Derek Wyatt: To ask the Secretary of State for Environment, Food and Rural Affairs when his Department expects to make the 2005 single farm payment to Mr Francis, a constituent of the hon. Member for Sittingbourne and Sheppey. 
Barry Gardiner: The Rural Payments Agency (RPA) has checked its records and owing to there being several customers with the same surname in the Kent region RPA is unable to identify the Mr. Francis in question. In order to state when this payment will be made RPA will require Mr. Francis Single Business Identifier (SBI) number.
To ask the Secretary of State for Environment, Food and Rural Affairs (1) what contingency planning his Department is undertaking
to be able to respond effectively in the event of an outbreak of avian influenza in the UK; 
Mr. Bradshaw: My Department has robust and tested disease control plans and instructions in place to address an outbreak of avian influenza. These are set out in our Exotic Animal Disease Generic Contingency Plan. The plans and procedures are kept under close review.
The latest Contingency Plan for Exotic Animal Diseases was laid before Parliament on 13 December 2006. The plan was used effectively and successfully in partnership with operational bodies and interested parties to deal with the recent outbreak of H5N1 avian influenza in Suffolk.
Mr. Nicholas Brown: To ask the Secretary of State for Environment, Food and Rural Affairs what steps his Department is taking to communicate to the public (a) the causes of climate change, (b) the impact on the United Kingdom and the wider world of climate change and (c) the possible solutions to climate change. 
Ian Pearson: The current Act on CO2 campaign supports a range of multi media, tools and activities aimed at educating, informing and enabling individuals to think about changing their behaviours and to adopt lower carbon lifestyles to help tackle climate change. Through the Climate Challenge Fund, over 80 local and community-level projects are communicating the causes and impacts of climate change.
Last years influential Stern Review on climate change continues to raise awareness, both domestically and globally, of the impacts and costs associated with climate change. DEFRA has supported, and was well represented at, the IPCC meetings ensuring that the messages contained in the summary reports are robust and based on sound science.
DEFRA funds the UK Climate Impacts Programme (UKCIP) to advise organisations on how they might be affected by climate change, so that they can adapt to its impacts. Among other activities, UKCIP works with the Met Office Hadley Centre to provide climate change scenarios for the UK (the next of which are due for publication in 2008); provides tools for stakeholders to assess climate risk and plan adaptation strategies; and coordinates research about how climate change will affect the UK at national and regional levels.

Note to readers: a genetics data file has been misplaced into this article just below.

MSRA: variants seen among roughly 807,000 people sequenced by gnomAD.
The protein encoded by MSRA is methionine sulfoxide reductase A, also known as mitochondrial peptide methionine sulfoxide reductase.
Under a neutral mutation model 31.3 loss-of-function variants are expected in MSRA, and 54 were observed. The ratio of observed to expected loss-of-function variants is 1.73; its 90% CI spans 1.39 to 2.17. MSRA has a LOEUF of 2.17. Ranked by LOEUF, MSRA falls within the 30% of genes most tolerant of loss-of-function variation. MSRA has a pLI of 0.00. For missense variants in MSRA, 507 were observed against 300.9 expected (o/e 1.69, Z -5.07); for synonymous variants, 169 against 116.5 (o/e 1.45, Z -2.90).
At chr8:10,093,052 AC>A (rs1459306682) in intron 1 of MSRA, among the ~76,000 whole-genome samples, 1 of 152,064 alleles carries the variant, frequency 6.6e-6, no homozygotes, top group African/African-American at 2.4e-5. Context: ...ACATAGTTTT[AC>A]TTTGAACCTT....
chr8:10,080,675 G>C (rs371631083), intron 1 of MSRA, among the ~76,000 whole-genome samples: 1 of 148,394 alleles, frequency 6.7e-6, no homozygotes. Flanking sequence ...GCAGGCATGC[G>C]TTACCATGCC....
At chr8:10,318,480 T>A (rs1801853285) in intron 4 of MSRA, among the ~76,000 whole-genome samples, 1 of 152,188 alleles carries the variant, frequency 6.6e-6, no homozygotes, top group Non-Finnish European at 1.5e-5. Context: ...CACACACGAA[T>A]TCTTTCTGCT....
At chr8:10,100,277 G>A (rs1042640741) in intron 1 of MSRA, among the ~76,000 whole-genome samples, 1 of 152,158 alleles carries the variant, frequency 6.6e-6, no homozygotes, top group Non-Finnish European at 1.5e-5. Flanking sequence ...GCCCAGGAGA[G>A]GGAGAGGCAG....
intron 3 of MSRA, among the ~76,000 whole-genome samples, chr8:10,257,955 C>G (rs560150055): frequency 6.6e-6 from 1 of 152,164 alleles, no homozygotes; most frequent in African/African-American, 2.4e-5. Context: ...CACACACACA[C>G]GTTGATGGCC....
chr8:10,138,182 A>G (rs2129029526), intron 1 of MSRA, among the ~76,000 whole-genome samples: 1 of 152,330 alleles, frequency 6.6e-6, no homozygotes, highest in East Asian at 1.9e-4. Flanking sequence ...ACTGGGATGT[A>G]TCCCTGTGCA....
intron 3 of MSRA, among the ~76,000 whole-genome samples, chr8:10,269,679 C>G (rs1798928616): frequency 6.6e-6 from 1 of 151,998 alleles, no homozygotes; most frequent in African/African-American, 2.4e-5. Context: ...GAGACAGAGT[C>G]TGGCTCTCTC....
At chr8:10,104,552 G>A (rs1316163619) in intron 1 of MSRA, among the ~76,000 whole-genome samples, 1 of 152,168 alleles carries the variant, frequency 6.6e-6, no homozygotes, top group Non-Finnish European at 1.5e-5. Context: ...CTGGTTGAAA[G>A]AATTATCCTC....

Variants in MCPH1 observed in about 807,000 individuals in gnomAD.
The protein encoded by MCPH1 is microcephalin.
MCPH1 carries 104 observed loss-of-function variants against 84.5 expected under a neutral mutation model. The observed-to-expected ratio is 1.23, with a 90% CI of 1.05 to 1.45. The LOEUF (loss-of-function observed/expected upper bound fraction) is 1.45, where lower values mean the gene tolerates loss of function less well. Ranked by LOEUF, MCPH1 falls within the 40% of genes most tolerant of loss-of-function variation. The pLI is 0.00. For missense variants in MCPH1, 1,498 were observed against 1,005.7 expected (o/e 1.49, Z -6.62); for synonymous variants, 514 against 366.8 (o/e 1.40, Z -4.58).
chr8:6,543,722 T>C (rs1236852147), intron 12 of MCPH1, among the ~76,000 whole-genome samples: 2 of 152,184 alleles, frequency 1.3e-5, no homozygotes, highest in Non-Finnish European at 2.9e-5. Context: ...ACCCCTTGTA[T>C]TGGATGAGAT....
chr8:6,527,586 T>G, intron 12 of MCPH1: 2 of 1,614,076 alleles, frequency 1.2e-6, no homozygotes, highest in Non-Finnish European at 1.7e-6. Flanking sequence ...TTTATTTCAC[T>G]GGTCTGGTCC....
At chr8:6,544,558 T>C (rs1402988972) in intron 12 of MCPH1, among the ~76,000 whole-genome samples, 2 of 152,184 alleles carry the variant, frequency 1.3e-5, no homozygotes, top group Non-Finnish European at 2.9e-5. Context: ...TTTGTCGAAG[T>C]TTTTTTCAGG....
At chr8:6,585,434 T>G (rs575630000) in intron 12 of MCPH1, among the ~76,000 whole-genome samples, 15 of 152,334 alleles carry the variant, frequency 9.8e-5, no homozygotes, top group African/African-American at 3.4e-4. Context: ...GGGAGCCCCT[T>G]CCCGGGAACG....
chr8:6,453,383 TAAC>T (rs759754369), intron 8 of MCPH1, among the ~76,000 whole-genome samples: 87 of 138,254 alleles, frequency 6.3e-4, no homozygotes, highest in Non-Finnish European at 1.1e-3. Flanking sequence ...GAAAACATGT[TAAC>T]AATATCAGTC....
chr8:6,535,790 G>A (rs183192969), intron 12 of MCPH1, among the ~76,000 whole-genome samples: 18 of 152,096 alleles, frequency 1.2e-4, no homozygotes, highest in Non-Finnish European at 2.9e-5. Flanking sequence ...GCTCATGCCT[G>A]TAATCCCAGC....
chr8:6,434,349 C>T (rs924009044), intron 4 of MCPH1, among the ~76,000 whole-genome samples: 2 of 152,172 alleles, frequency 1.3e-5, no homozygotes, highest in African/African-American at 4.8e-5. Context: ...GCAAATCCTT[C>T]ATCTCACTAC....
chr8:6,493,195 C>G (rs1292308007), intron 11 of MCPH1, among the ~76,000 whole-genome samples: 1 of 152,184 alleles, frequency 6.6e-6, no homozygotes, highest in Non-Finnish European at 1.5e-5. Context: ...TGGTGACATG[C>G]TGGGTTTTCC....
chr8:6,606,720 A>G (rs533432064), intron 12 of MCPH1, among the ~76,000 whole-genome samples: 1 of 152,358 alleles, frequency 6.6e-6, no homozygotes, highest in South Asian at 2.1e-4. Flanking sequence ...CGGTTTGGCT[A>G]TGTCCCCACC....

Mr. Hoban: To ask the Secretary of State for Environment, Food and Rural Affairs (1) how many times the Commission on Environmental Markets and Economic Performance has met since 8 November 2006; 
Ian Pearson: The Commission for Environmental Markets and Economic Performance has met twice since 8 November 2006. The first meeting was on 19 December 2006 and the second on 5 March 2007. A final meeting is planned for 20 June 2007. In addition, Commission members have met informally on a number of occasions during this time, in workshops, meetings and other forums.
When the Commission was set up, the expectation was that it would report in spring 2007. The majority of its work will have been completed within this timetable, but we now anticipate that the final conclusions of the Commission will be available before the summer Parliamentary recess.
Chris Huhne: To ask the Secretary of State for Environment, Food and Rural Affairs how many registered companies were (a) successfully and (b) unsuccessfully prosecuted by the Environment Agency in each financial year since 1999; and what the average fine was in cases of successful prosecutions, broken down by (i) region and (ii) category of offence. 
Ian Pearson: The information requested is not held centrally. I have asked my officials to gather the information and I will write to the hon. Member with further details in due course and place copies of the letter in the Libraries of both Houses.
Michael Gove: To ask the Secretary of State for Environment, Food and Rural Affairs what estimate he has made of the total cost to the UK economy of the first phase of the European Unions Emissions Trading Scheme. 
Ian Pearson: An exercise carried out last year, looking at the regulations in force as at May 2005, estimated that the administrative cost to businesses in phase I of the EU Emissions Trading Scheme was around £175,000 for all 511 installations in England and Wales.